Last Wednesday the BBC’s Call You and Yours programme on Radio 4 held a feature on the ‘progress’ in getting long-term residents out of assessment and treatment units (ATUs), the type of short-term mental health units for people with learning disabilities that includes Winterbourne View, where abuse was exposed in Panorama in 2011, and the Slade House STATT unit in Oxford in which Connor Sparrowhawk died because of neglect in 2013. The programme featured an interview with Phill Wills, whose son Josh has been in a residential unit in Birmingham since 2012, 260 miles from his family who live in Cornwall, and with Sir Stephen Bubb, who this week published a report which showed that thousands of people were still languishing in ATUs despite ministers’ pledging four years ago to get them out.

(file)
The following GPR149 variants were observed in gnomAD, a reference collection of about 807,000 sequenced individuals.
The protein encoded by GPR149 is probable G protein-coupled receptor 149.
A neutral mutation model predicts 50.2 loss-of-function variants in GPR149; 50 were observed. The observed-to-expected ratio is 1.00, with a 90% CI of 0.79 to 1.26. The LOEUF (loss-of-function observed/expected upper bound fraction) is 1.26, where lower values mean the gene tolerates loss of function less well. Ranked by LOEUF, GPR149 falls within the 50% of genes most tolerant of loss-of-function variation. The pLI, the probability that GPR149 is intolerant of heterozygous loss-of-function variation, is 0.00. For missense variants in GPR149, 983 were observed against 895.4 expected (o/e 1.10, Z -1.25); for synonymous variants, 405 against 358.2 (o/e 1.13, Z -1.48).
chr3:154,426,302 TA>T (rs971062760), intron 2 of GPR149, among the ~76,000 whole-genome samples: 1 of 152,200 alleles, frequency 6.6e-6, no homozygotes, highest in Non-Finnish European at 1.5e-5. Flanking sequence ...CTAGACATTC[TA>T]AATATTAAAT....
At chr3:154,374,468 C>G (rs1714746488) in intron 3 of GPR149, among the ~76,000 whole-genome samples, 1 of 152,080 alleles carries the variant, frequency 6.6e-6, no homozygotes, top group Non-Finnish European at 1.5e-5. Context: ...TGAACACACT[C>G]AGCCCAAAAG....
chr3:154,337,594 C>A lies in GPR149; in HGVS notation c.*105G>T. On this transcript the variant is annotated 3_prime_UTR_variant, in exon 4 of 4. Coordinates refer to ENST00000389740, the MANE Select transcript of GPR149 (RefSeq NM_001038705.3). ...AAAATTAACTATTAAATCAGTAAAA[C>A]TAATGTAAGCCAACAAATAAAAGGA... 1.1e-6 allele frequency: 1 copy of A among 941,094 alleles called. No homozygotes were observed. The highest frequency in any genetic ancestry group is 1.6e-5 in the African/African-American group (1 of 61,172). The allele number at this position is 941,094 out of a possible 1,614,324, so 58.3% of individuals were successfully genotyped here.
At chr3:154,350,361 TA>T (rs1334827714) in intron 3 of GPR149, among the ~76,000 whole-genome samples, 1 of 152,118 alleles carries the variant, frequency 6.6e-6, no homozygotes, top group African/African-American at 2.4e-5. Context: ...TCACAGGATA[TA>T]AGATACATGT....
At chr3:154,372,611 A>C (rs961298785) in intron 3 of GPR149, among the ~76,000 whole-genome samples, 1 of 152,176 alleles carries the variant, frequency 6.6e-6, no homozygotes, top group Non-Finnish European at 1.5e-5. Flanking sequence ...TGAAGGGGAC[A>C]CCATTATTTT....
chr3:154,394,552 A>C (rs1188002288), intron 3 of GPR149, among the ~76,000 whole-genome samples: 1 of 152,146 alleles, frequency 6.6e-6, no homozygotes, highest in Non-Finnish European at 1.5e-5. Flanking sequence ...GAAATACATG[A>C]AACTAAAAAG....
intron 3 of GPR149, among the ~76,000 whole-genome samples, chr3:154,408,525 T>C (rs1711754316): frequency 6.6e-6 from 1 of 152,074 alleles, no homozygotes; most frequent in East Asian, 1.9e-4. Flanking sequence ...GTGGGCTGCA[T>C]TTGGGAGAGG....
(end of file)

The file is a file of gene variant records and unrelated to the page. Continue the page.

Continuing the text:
The calls didn’t just focus on that immediate issue; they included parents who had had to struggle to get statements of Special Educational Needs for their children in the face of opposition from local authorities. It would have been more useful to hear more calls from relatives of people who have been wrongly deprived of their liberty for extended periods, subject to abusive sectionings or referrals, been transferred a long distance or have died as a result of poor care or abuse. The opening call was from a relative of a young autistic girl who was placed in a hospital unit at age 15 because her school was concerned about deteriorations in her behaviour, but on arrival she was immediately restrained and given medicine by injection, and she remained in her room for most of the next two years, and it was only when the family got help from Mencap and the Challenging Behaviour Foundation that they were able to get her out of the unit, and she has not needed to be restrained or injected since. But she was the only caller from a family in this position; while Phill and Josh’s story is important, they have no qualms with the quality of care their son has received. Some autistic people’s experiences have been very different. (Josh was expected to go to a new home in Cornwall this month, but the latest in a long line of bureaucratic and legal delays has meant there is no longer a date for his return although the home is ready for him.)